Controversy is swirling around Planned Parenthood following the release of several videos claiming that the national women’s health organization is inappropriately profiting from the sale of aborted fetuses. On the surface, the allegations are quite concerning. However, the story takes on a different tone when considering the source of the inflammatory claims.
On Tuesday, the anti-abortion group Center for Medical Progress released a video depicting a Planned Parenthood employee discussing the cost of handling a fetal tissue sample. Right-wing outlets are describing the video’s subject, Dr. Mary Gatter, the president of Planned Parenthood’s Medical Directors’ Council, as “haggling over baby-part pricing.”
The release comes on the heels of a different video released last week that secretly recorded another employee discussing what abortion opponents describe as Planned Parenthood’s scheme to “sell baby parts.” In that video, Planned Parenthood’s senior director of medical services, Dr. Deborah Nucatola, speaks frankly — and occasionally crassly — about the process of fetal tissue donation. The organization has since apologized for Nucatola’s tone.
Though members of Congress are ready to take action, demanding that Planned Parenthood employees testify before a House committee about how the organization handles tissue donation, there are a few things to keep in mind about the group of activists pushing this media narrative:
They’re infamous for heavily edited videos designed to mislead viewers.
Live Action, a group founded by leading abortion opponent Lila Rose when she was just 15 years old, has become infamous for conducting undercover “stings” designed to discredit Planned Parenthood. Live Action typically releases videos that have been heavily edited to cast abortion providers in an unflattering light; however, upon further scrutiny, their claims that Planned Parenthood is breaking the law don’t hold up.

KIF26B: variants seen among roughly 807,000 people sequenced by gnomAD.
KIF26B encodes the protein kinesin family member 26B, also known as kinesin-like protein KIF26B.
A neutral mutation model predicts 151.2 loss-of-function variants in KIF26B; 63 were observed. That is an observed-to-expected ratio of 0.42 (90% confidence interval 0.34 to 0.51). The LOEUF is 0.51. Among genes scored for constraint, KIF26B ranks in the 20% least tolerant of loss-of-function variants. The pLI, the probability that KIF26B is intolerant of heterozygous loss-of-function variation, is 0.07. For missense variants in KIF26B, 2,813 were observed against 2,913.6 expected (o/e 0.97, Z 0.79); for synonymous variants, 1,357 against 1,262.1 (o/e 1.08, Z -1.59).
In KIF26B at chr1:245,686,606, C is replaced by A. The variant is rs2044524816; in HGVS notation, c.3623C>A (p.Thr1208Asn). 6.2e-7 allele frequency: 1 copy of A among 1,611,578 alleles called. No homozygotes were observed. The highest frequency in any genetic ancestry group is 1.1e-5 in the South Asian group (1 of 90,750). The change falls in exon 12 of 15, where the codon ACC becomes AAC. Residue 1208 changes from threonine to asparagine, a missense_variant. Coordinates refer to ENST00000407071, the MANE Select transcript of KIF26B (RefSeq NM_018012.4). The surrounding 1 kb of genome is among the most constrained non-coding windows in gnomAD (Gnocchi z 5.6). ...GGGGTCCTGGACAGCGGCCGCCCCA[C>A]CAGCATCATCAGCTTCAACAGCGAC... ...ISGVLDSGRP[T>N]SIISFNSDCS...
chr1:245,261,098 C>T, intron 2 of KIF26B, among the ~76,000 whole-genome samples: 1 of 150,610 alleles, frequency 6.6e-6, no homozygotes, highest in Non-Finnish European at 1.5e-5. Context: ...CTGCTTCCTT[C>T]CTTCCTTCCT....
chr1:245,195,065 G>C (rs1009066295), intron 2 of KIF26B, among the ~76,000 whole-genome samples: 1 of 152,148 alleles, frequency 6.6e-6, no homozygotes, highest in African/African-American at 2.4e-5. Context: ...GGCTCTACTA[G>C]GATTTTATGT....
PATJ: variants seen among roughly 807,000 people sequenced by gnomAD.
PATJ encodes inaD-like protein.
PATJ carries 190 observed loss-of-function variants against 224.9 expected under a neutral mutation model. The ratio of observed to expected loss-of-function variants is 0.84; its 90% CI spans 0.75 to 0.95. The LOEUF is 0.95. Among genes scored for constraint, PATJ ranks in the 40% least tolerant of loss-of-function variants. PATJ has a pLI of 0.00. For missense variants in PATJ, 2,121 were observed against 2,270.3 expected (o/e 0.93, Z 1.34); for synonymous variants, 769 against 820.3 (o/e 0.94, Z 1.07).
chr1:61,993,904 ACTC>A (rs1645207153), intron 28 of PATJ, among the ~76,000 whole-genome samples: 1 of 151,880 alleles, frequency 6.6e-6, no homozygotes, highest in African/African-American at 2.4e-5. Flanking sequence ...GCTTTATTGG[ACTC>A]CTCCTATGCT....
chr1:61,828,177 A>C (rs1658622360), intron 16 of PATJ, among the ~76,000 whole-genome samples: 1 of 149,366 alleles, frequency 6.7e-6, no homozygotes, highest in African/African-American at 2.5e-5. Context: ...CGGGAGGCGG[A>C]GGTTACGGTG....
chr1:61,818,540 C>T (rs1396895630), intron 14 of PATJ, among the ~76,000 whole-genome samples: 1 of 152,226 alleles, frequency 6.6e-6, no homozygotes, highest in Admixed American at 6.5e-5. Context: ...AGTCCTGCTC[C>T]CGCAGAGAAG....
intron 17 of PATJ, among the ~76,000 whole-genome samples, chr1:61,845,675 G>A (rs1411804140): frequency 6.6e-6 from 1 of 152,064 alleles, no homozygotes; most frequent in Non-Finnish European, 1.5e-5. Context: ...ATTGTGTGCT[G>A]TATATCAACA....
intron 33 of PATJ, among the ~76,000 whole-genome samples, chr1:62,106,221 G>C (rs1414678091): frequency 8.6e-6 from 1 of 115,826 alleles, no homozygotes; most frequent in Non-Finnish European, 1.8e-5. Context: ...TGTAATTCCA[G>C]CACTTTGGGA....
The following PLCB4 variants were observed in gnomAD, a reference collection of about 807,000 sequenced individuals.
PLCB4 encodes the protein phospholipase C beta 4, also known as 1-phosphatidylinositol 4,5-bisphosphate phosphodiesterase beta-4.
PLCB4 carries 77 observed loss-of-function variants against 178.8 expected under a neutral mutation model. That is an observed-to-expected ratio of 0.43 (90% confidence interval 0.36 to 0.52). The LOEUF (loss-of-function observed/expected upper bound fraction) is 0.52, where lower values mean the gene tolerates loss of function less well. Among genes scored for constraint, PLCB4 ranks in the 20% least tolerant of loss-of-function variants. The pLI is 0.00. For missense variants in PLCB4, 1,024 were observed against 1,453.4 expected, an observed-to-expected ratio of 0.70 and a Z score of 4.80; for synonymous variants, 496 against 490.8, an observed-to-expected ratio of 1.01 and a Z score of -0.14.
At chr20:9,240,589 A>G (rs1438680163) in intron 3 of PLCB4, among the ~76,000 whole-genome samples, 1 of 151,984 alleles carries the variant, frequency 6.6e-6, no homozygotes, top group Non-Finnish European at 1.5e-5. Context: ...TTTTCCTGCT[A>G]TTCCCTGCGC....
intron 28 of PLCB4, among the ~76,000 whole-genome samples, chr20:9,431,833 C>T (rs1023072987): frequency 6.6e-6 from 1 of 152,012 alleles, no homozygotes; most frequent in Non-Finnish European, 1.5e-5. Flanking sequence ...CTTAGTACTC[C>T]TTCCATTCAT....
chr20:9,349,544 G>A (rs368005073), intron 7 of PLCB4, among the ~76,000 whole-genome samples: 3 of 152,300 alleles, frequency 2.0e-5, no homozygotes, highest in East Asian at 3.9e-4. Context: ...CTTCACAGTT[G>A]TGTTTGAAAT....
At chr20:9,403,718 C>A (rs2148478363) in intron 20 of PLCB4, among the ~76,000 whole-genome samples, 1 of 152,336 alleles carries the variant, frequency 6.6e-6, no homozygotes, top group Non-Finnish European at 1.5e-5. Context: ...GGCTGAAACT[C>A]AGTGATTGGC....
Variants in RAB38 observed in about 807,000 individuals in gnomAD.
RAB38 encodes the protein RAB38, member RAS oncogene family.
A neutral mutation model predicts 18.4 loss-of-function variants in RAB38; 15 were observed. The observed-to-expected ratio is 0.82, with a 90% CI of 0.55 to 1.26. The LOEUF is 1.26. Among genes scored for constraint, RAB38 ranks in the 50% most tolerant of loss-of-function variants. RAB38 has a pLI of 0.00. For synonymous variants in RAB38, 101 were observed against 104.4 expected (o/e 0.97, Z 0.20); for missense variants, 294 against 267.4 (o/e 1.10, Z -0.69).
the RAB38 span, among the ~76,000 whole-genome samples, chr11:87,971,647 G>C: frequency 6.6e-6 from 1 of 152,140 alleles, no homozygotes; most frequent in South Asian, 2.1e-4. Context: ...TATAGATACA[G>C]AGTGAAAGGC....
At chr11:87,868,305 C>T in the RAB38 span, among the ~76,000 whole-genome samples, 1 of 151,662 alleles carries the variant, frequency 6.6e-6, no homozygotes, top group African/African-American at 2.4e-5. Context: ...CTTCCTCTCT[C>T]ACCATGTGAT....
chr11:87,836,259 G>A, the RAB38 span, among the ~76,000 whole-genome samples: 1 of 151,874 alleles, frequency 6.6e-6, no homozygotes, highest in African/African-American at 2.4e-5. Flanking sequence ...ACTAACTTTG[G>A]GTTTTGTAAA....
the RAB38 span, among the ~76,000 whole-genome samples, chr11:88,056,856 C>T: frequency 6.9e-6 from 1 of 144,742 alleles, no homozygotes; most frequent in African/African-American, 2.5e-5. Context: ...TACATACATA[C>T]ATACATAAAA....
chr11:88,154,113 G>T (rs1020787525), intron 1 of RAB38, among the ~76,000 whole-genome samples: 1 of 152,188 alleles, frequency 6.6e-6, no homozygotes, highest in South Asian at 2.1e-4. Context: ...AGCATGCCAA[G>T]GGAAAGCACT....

For instance, Rose has previously claimed that she has evidence that Planned Parenthood employees cover up sex trafficking, lie about providing mammograms, and profit off of abortions — allegations that cannot be backed up with evidence.
The recent videos are no exception. Though abortion opponents say they provide proof that Planned Parenthood is breaking federal laws by selling organs, fetal tissue donation has in fact been legal for decades. They’re also edited to appear more nefarious; in the full transcript of the first video, for instance, Nucatola says several times that the organization is not “selling” tissue, but rather being compensated for the cost of transporting the donations. “Nobody should be ‘selling’ tissue. That’s just not the goal here,” she says at one point.
Lila Rose’s work is inspired by James O’Keefe, another conservative activist who’s become infamous for releasing misleading undercover videos, which have been criticized by law enforcement officials for their “highly selective editing of reality.”
They’ve been trying to take down Planned Parenthood for years.
According to Planned Parenthood’s attorney, Daleiden has participated in at least 10 separate undercover investigations designed to target Planned Parenthood over the past eight years. His efforts have allegedly involved lying about his intentions to gain access to clinics, taping staff without their knowledge, and releasing several deceptive recordings to the public. In a letter to Congress, the group’s lawyer said this fits into a decades-long pattern of harassment aimed at doctors who provide abortion care.
Indeed, law professor David Cohen, who recently published a book detailing the violence and harassment leveled against abortion providers, describes this coordinated campaign against Planned Parenthood as “professional harassment.” Live Action and David Daleiden may not be bombing clinics or picketing doctors’ homes — which are the more visible types of anti-abortion harassment that continue to plague the people working in this field. However, according to Cohen, their preferred tactics are having a big impact in a different way.